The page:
CephFS allows quotas to be set on any directory in the system. The quota can restrict the number of bytes or the number of files stored beneath that point in the directory hierarchy.


  1. Quotas are cooperative and non-adversarial. CephFS quotas rely on the cooperation of the client who is mounting the file system to stop writers when a limit is reached. A modified or adversarial client cannot be prevented from writing as much data as it needs. Quotas should not be relied on to prevent filling the system in environments where the clients are fully untrusted.
  2. Quotas are imprecise. Processes that are writing to the file system will be stopped a short time after the quota limit is reached. They will inevitably be allowed to write some amount of data over the configured limit. How far over the quota they are able to go depends primarily on the amount of time, not the amount of data. Generally speaking writers will be stopped within 10s of seconds of crossing the configured limit.
  3. Quotas are not yet implemented in the kernel client. Quotas are supported by the userspace client (libcephfs, ceph-fuse) but are not yet implemented in the Linux kernel client.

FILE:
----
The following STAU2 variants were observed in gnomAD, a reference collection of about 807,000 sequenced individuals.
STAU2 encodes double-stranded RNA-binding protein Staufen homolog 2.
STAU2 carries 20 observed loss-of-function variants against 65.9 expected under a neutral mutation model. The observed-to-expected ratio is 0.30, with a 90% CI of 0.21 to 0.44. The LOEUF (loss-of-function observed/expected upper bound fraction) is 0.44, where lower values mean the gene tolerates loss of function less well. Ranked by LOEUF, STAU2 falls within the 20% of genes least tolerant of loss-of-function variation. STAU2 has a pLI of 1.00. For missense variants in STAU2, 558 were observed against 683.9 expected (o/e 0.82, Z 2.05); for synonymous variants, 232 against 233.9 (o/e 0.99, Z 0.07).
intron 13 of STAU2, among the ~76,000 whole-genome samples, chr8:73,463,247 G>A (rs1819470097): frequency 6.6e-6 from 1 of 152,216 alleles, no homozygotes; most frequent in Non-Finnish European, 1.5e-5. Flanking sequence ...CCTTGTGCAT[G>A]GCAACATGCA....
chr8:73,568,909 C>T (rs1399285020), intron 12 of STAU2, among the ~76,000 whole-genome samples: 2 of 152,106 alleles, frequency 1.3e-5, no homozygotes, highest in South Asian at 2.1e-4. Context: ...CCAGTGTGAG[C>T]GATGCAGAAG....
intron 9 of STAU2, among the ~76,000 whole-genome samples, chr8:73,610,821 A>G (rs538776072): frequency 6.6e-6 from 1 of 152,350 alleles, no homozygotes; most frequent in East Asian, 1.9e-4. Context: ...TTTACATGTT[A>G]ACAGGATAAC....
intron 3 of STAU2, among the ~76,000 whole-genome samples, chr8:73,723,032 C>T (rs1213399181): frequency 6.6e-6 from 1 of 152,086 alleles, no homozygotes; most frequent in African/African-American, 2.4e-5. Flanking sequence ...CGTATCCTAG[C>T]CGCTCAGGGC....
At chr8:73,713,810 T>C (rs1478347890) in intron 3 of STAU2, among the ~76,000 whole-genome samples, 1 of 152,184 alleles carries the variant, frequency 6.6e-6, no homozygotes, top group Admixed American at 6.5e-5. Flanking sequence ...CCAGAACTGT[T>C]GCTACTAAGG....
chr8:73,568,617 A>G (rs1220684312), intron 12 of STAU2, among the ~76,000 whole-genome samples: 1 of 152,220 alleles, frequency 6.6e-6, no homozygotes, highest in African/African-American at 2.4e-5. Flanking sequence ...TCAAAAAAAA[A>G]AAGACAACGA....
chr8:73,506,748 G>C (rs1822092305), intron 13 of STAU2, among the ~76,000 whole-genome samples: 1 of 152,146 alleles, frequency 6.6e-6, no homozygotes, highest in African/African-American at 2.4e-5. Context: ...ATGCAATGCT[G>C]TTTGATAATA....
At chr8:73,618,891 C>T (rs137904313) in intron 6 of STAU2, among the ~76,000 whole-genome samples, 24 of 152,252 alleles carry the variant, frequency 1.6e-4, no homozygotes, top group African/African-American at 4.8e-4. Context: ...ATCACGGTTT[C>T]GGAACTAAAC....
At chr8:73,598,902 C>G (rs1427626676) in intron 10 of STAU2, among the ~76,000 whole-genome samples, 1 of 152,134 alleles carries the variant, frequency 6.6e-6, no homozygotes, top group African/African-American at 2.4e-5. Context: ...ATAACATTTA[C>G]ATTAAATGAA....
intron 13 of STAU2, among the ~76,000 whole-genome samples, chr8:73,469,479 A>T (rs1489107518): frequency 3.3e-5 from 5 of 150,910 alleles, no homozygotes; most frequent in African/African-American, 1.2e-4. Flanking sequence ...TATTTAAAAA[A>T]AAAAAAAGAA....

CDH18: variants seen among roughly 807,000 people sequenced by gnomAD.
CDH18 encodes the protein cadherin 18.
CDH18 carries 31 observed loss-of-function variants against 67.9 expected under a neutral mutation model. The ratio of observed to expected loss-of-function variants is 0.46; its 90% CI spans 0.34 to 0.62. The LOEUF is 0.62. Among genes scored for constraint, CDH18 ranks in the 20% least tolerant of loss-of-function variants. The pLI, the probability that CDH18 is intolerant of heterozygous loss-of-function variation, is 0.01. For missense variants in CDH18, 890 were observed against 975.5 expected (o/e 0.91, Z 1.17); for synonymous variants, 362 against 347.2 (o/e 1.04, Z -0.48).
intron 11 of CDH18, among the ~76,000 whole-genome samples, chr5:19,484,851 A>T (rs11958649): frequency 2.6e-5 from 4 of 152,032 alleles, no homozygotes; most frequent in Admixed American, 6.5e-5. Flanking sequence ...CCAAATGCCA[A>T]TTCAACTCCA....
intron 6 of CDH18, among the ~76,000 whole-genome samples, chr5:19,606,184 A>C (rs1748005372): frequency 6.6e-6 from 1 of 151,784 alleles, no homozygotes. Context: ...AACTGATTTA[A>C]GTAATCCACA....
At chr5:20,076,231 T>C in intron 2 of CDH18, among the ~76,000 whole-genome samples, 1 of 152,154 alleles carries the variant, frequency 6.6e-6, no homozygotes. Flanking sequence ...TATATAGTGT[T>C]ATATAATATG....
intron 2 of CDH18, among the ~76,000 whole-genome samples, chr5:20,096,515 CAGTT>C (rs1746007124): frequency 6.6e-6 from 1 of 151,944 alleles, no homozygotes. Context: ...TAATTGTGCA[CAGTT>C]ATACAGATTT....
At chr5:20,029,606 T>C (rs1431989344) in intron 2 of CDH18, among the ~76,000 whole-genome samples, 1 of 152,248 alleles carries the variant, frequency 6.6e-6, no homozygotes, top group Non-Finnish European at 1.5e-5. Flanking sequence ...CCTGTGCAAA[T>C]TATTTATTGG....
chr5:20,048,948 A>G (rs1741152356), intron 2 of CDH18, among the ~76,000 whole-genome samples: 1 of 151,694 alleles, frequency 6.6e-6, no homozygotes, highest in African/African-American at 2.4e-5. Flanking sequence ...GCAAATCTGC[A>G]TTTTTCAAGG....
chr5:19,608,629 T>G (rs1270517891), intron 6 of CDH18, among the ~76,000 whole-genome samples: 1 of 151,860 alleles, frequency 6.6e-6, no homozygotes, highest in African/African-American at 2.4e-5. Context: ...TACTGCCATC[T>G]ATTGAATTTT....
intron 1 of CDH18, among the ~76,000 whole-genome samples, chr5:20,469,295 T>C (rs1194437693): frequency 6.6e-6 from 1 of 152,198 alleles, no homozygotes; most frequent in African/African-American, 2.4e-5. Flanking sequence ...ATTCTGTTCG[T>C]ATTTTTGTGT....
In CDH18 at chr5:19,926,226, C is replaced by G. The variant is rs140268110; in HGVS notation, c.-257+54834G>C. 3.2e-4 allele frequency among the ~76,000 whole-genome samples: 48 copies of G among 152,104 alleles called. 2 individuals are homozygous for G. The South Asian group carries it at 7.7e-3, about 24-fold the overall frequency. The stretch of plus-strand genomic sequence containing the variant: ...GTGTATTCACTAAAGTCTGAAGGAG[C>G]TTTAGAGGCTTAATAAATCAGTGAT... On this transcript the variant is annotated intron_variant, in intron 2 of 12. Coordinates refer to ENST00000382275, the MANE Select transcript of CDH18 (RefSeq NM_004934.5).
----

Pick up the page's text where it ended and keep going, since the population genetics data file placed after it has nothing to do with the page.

4. Quotas must be configured carefully when used with path-based mount restrictions. The client needs to have access to the directory inode on which quotas are configured in order to enforce them. If the client has restricted access to a specific path (e.g., /home/user) based on the MDS capability, and a quota is configured on an ancestor directory they do not have access to (e.g., /home), the client will not enforce it. When using path-based access restrictions be sure to configure the quota on the directory the client is restricted too (e.g., /home/user) or something nested beneath it.


Like most other things in CephFS, quotas are configured using virtual extended attributes:

  • ceph.quota.max_files – file limit
  • ceph.quota.max_bytes – byte limit

If the attributes appear on a directory inode that means a quota is configured there. If they are not present then no quota is set on that directory (although one may still be configured on a parent directory).

To set a quota:

setfattr -n ceph.quota.max_bytes -v 100000000 /some/dir     # 100 MB
setfattr -n ceph.quota.max_files -v 10000 /some/dir         # 10,000 files

To view quota settings:

getfattr -n ceph.quota.max_bytes /some/dir
getfattr -n ceph.quota.max_files /some/dir

Note that if the value of the extended attribute is 0 that means the quota is not set.

To remove a quota:

setfattr -n ceph.quota.max_bytes -v 0 /some/dir
setfattr -n ceph.quota.max_files -v 0 /some/dir